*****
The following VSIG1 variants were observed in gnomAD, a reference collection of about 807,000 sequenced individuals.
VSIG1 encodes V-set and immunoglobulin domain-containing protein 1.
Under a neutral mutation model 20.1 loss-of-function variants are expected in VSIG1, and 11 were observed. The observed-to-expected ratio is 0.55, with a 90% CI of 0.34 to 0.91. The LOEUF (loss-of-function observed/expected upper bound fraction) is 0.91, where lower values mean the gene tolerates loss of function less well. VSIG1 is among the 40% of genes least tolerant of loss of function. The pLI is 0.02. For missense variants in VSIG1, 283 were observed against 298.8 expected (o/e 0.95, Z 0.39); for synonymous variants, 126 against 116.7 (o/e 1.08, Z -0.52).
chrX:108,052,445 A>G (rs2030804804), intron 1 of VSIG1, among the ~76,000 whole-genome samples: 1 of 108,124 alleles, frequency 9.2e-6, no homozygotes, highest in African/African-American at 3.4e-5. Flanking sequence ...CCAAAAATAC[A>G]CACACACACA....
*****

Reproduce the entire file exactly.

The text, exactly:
The following VSIG1 variants were observed in gnomAD, a reference collection of about 807,000 sequenced individuals.
VSIG1 encodes V-set and immunoglobulin domain-containing protein 1.
Under a neutral mutation model 20.1 loss-of-function variants are expected in VSIG1, and 11 were observed. The observed-to-expected ratio is 0.55, with a 90% CI of 0.34 to 0.91. The LOEUF (loss-of-function observed/expected upper bound fraction) is 0.91, where lower values mean the gene tolerates loss of function less well. VSIG1 is among the 40% of genes least tolerant of loss of function. The pLI is 0.02. For missense variants in VSIG1, 283 were observed against 298.8 expected (o/e 0.95, Z 0.39); for synonymous variants, 126 against 116.7 (o/e 1.08, Z -0.52).
chrX:108,052,445 A>G (rs2030804804), intron 1 of VSIG1, among the ~76,000 whole-genome samples: 1 of 108,124 alleles, frequency 9.2e-6, no homozygotes, highest in African/African-American at 3.4e-5. Flanking sequence ...CCAAAAATAC[A>G]CACACACACA....